In honor of the World Cup, I will share a story from my international travels.
My first international business trip involved traveling to London several years ago where I met a couple of other contractors who had rented a car. I did not understand why we rented a car since we would have to to drive on the left side of the road which none of us had done before. But it wasn't my decision, and I would simply be a passenger.
We pulled out of the lot and drove around the airport a couple of times just to get used to this new way of driving. Finally, we got on the major eight lane highway in Monday morning rush hour traffic.
The driver said, "I'm just going to go slow and stay in the right lane until I get the hang of this."
Shortly after pulling into the far right lane, cars flashed their lights, honked and passengers made obscene hand gestures to us as they flew by us on the left. We were surprised that apparently London was the rudest city in the world before we finally realized that we were in the fast passing lane while the left lane was actually the slow lane. I decided that I would not try to learn to drive on the wrong side of the road during this trip.
Flash forward about six years later when I had to spend a month in Belfast, Northern Ireland. I stayed in a company owned townhome along with three co-workers and we shared a tiny car which made a Smart car look like an SUV. One of my co-workers was British so he did most of the driving.
One night after spending some time in the local pub, my British co-worker, who I will refer to as Lloyd because that was his name and it will help you better imagine his high class British accent, suggested that I drive us all back to the townhome.
Lloyd's accent made him sound about ten times smarter than he actually was, and he was pretty smart. For example, we could be having an issue with the washing machine and he might say, "If you put your tongue in the electrical socket, that will probably solve the problem."
And you would think about it for a second before saying, "Hey, wait a minute."
"Remember British electrical sockets are different than American. It's quite safe, really," Lloyd would double down.
Next thing you know, you're on your hands and knees in front of the socket.
Anyway, I explained to Lloyd that was a bad idea since I had never driven on the left side of the road before.
"But," Lloyd said, "I have a British driver's license and if I get pulled over, I'm going to jail and losing my license. But if you get pulled over with your American license, it'll be 'alrighty then, off you go, cheerio.'"
That sort of made sense when you hear it in Lloyd's accent. But looking around at our group, I realized I was the only one that hadn't heavily imbibed, and it probably did make sense for me to drive. Besides, it was only one to two miles on quiet streets and no big intersections save for one roundabout. I took the car keys from Lloyd.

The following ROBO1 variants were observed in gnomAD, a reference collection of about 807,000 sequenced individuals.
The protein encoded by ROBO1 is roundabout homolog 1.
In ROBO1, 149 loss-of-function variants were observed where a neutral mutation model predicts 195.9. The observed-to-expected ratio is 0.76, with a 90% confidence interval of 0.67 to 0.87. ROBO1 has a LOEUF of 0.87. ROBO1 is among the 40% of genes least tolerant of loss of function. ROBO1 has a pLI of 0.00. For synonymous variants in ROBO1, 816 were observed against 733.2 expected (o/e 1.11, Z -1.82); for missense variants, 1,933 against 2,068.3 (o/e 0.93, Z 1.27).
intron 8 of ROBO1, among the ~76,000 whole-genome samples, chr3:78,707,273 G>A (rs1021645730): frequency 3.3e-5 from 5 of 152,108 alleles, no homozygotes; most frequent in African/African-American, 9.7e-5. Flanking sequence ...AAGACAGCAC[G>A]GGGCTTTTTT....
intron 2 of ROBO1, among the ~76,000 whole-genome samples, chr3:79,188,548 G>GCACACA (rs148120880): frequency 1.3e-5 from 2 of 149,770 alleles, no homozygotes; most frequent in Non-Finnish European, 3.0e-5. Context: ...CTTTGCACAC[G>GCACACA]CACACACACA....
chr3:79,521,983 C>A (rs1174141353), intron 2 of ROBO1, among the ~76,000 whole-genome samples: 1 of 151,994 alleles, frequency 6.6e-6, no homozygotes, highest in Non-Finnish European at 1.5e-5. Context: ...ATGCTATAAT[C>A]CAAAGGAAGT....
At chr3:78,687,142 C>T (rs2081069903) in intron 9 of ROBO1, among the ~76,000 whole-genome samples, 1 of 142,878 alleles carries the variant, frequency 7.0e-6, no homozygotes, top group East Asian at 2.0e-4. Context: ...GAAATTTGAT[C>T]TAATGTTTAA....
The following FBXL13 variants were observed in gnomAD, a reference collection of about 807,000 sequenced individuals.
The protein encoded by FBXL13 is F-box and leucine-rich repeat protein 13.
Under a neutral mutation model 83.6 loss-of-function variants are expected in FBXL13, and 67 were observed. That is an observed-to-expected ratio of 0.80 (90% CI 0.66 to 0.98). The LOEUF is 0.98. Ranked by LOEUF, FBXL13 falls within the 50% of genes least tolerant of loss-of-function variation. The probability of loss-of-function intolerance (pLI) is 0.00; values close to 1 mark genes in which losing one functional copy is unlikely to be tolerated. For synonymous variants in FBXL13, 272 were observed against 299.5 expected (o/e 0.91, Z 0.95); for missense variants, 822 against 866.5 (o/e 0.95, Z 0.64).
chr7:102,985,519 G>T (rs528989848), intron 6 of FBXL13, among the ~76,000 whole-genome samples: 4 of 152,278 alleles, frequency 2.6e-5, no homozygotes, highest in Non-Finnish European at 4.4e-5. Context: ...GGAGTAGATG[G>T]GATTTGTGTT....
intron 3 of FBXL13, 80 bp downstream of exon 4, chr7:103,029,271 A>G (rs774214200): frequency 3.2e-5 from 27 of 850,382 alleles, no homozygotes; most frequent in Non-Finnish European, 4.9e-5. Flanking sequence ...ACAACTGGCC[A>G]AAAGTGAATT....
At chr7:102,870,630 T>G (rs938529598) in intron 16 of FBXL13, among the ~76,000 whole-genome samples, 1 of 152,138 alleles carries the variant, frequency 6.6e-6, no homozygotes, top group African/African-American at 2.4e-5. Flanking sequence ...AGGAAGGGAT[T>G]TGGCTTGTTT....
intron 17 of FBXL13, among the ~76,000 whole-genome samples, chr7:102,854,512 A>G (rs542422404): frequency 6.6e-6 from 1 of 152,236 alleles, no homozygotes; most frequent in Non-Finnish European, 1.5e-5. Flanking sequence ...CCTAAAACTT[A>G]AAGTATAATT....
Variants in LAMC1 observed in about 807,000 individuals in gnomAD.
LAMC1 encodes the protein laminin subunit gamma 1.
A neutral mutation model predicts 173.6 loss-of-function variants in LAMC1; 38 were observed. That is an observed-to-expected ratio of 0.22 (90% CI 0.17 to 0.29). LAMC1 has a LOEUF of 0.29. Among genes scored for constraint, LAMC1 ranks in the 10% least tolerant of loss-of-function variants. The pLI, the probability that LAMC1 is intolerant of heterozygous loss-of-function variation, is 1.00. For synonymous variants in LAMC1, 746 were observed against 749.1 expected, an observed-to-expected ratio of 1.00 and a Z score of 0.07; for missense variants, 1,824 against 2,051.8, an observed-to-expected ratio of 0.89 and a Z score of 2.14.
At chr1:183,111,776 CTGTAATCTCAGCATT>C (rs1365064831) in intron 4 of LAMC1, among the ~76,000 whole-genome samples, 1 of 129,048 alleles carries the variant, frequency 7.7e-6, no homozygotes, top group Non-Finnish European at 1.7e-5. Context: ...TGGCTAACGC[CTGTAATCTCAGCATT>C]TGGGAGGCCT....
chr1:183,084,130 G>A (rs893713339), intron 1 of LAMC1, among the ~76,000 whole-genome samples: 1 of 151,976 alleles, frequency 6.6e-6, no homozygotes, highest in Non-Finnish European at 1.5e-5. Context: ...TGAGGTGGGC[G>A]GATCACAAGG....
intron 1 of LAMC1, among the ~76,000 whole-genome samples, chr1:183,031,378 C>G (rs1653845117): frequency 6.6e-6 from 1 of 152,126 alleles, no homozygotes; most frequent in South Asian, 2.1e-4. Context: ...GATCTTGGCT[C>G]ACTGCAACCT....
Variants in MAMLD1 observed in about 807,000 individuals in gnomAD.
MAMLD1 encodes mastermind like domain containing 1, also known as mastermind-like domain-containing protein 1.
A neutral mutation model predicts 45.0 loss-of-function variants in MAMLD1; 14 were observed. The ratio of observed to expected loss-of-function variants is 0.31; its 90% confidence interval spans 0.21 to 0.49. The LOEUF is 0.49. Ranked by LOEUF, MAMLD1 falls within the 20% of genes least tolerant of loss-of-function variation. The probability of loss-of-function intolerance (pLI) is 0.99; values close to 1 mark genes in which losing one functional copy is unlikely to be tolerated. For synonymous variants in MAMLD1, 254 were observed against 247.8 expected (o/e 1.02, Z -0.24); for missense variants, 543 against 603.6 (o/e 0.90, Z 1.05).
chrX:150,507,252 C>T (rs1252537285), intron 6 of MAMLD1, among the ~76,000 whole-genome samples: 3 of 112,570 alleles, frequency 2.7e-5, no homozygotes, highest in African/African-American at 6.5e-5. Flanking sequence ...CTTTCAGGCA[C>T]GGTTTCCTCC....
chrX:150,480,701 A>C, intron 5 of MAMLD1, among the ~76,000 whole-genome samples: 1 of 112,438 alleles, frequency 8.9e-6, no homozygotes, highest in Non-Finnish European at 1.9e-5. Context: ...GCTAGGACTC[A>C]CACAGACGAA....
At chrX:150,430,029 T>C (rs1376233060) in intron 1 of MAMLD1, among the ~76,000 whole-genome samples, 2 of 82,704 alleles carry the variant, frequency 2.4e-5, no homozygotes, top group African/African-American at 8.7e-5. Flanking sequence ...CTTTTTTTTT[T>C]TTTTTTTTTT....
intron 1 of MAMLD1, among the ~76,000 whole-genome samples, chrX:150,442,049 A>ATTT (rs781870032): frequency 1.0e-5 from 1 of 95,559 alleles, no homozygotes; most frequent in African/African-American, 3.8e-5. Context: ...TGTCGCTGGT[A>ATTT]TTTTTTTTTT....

We stuffed ourselves into the car, and I pulled into the street. With the steering wheel on the right side of the car, staying in the left lane would be easier than I thought. I told everyone to warn me if I accidentally got into the right lane, but they were so busy giggling, I don't think they heard me.
The drive was uneventful until we got to the roundabout where I paused then turned to the right. Screaming from the back seat made me jerk the wheel hard to the left. Luckily, being in a small car, I was able to turn in the proper direction without hopping the curb. With all of the yelling and laughing in the car, I lost track of the proper turn and we completely circumnavigated the roundabout. And then again.
"I'm starting to get dizzy," I said. "Would someone please point out the proper turn."
"Just take the next one," Lloyd said. "If we end up back at the pub, it was meant to be."
"We're not going back to the pub."
"Eenie, meenie, minie, moe..." came another helpful voice from the back.
"Go faster, it's like we're on a racetrack," said another.
I finally got my bearings and pulled out of the roundabout onto the correct street. We made it home without any further issues. After parking the car, Lloyd managed to fall out of the backseat onto the ground laughing uproariously. I went inside the house and locked the door.
I learned two valuable lessons that night:
Driving on the wrong side of the road for the first time is probably pretty stupid after a night at the pub even if you aren't drunk.
And a British accent is not necessarily a reliable indicator of IQ.